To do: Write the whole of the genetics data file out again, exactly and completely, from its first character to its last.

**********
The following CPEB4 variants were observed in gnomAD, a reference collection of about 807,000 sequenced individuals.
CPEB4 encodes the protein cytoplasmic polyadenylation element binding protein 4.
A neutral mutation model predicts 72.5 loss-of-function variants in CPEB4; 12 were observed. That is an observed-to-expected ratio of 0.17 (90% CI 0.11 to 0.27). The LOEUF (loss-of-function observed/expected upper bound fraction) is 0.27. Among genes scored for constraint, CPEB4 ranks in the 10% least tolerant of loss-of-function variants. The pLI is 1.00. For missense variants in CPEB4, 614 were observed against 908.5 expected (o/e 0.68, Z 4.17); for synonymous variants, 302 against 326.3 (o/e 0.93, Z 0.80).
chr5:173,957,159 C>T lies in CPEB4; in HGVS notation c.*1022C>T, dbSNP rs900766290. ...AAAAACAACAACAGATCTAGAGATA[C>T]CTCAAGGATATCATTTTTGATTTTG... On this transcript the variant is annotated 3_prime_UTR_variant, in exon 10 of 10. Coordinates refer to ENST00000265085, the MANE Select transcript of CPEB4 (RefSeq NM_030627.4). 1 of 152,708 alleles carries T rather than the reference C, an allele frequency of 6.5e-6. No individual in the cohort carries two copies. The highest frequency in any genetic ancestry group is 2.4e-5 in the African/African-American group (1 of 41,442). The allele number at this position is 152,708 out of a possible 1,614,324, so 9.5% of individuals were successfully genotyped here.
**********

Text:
The following CPEB4 variants were observed in gnomAD, a reference collection of about 807,000 sequenced individuals.
CPEB4 encodes the protein cytoplasmic polyadenylation element binding protein 4.
A neutral mutation model predicts 72.5 loss-of-function variants in CPEB4; 12 were observed. That is an observed-to-expected ratio of 0.17 (90% CI 0.11 to 0.27). The LOEUF (loss-of-function observed/expected upper bound fraction) is 0.27. Among genes scored for constraint, CPEB4 ranks in the 10% least tolerant of loss-of-function variants. The pLI is 1.00. For missense variants in CPEB4, 614 were observed against 908.5 expected (o/e 0.68, Z 4.17); for synonymous variants, 302 against 326.3 (o/e 0.93, Z 0.80).
chr5:173,957,159 C>T lies in CPEB4; in HGVS notation c.*1022C>T, dbSNP rs900766290. ...AAAAACAACAACAGATCTAGAGATA[C>T]CTCAAGGATATCATTTTTGATTTTG... On this transcript the variant is annotated 3_prime_UTR_variant, in exon 10 of 10. Coordinates refer to ENST00000265085, the MANE Select transcript of CPEB4 (RefSeq NM_030627.4). 1 of 152,708 alleles carries T rather than the reference C, an allele frequency of 6.5e-6. No individual in the cohort carries two copies. The highest frequency in any genetic ancestry group is 2.4e-5 in the African/African-American group (1 of 41,442). The allele number at this position is 152,708 out of a possible 1,614,324, so 9.5% of individuals were successfully genotyped here.